Obama has displayed more passion and employed sharper rhetoric when talking about Republicans in Congress — who, last I heard, are not in the business of sawing off heads to make their point clear. Maybe we’ll get a better performance from our president if ISIS makes fun of the Obamacare website.

Obama’s ‘Platitudes’ for ISIS

 

I read the transcript of President Obama’s statement today on the murder of journalist James Foley and a few phrases really jumped out: “Their ideology is bankrupt.” “…a group like ISIL has no place in the 21st century.” “…we share a common security and a common set of values.”

How about just calling the terrorists what they are — evil incarnate — and then pledging to obliterate them? (Because as far as I can tell, the most we’re doing is “containing” the caliphate today.) 

ISIS Beheads American Journalist, Threatens Another

 

1408481985485.cachedBreaking news out of the Middle East:

In a video posted online Tuesday, ISIS beheads James Wright Foley, an American freelance journalist who was captured in Syria in 2012. The video says the killing is a warning to the U.S. to end its intervention in Iraq. The video also shows Steven Sotloff, a freelance journalist working for Time, and threatens that he will be next. Sotloff’s kidnapping seems to have been kept secret until now. Foley was working as a photographer in Syria for AFP when he was taken. The year prior he had been kidnapped in Libya.

No Light at the End of the Tunnel for Hamas

 

Over the past several hours, Israel has been withdrawing most of its troops from Gaza after having destroyed all — or almost all — of the cross border tunnels Hamas had burrowed deep under Gaza and across the border into Israel.

This is a much bigger deal than most of the media realize.

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I am a regular viewer of Special Report on Fox News Channel at 6:00 PM (EDT). I’ve noticed during the past few weeks that practically all the reporting on the fighting in Gaza is from a FNC reporter in Gaza with very little reporting from anyone on the ground in Israel. The problem I have […]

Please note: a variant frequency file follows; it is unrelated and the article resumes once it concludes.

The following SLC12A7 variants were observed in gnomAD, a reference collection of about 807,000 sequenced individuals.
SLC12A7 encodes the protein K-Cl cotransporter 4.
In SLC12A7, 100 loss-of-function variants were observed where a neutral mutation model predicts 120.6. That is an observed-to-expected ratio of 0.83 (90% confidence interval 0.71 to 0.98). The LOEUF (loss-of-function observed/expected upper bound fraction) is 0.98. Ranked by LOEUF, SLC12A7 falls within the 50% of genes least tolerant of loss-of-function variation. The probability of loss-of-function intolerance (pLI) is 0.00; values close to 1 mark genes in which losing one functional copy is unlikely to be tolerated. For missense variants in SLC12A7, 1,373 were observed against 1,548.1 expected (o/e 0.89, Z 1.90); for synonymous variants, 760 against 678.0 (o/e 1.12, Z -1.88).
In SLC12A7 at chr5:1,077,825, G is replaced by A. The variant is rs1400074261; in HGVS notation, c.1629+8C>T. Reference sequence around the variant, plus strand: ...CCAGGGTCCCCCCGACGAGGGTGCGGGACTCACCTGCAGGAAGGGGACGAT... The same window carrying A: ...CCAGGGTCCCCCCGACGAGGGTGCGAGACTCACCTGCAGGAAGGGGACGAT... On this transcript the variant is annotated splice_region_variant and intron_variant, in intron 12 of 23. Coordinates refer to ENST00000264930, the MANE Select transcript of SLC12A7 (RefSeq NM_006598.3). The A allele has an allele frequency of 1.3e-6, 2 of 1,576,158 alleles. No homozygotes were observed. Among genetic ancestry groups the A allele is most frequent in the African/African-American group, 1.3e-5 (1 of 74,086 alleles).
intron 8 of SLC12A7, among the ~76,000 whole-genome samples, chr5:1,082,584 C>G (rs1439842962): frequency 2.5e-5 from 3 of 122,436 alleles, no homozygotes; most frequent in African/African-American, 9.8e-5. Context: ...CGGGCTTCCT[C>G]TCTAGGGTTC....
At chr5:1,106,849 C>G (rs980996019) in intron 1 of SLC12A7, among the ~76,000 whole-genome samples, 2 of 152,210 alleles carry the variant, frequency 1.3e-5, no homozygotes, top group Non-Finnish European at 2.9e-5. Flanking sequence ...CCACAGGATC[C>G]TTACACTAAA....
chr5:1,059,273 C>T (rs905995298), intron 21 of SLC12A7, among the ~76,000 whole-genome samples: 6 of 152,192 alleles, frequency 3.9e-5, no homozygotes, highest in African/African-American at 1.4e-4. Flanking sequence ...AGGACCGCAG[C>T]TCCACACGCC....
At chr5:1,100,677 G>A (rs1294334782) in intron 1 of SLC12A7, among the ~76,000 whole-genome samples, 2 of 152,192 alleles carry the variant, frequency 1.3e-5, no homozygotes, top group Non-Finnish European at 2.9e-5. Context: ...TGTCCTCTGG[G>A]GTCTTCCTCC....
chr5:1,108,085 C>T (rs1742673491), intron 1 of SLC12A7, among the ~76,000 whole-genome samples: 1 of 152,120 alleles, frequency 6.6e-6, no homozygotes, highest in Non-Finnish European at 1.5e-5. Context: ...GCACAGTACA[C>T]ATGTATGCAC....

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On Bergdahl, Obama Made the Least Bad Choice

 

ObamaBerghdalPresident Obama has come under enormous criticism for his handling of the repatriation of Sgt Bergdahl. As always, he couldn’t help but do it in the most grandstanding way possible. The central decision, though, was the best of a bad set of choices. I’m not convinced by any of the arguments that I’ve seen here or elsewhere on the web that he could have done this much differently.

Here then, are the complaints:

We Negotiated With Terrorists

Dog Tags Vs. Hash Tags

 

Unknown-2A chilling picture has been making the rounds lately. It shows our First Lady with a sad face, holding up a hand drawn placard with #Bringbackourgirls written on it, a response to the abduction of more than 250 Nigerian schoolgirls by the islamist group Boko Haram. Though Mrs. Obama’s feelings are no doubt sincere, her actions will not bring one child back.

I’m glad neither my father nor my grandfather is alive to have seen this photo. They never had to teach us German or Japanese due to the fact that they were willing to don dog tags.  I’m sure they would have preferred hashtags, had they been the rage back then.

I realize that’s not politically correct to say today, but those men understood the code. It goes back to before Herodotus and was memorialized in The Song of Roland in the mid-12th century. Call it chivalry, call it the “Knightly code of honor,” call it what you will: it is the bedrock of Western Civilization.

NSA Surveillance: What We Should All Agree On

 

I’ve received several requests to respond to Tom Meyer’s very thoughtful post about how national security hawks should respond to criticisms of the NSA surveillance program. The piece is mostly about political argument and the art of rhetoric — I’m not quite sure from the post what Tom himself thinks is the best policy — so I’ll have to respond broadly.

What makes this issue difficult is that the war is covert, against a network of non-state fighters who disguise their communications and movements as innocent, but have great destructive power aimed at civilians. We are pursuing the wartime goal of stopping enemy attacks before they happen.

Some Friendly Advice For National Security Hawks

 

Since Edward Snowden’s leaks and subsequent defection, there’s been a raging debate on the Right about the proper role of our nation’s intelligence services. Those who favor broader powers and a more active role for these services have been on the defensive.

nrol-39-nothing-beyond-our-reachWhile I count myself as among the critics of such programs – as much because I believe they’re ineffective as that they’re dangerous – I share the hawks’ concern for my fellow citizens’s safety: I don’t want my loved ones or countrymen blown up by Islamic fanatics any more than the next guy.* Keeping us safe and in peace requires a lot of work, including some degree of surveillance. As national security is one of the core responsibilities of the Federal Government, our intelligence services bear an incredible burden.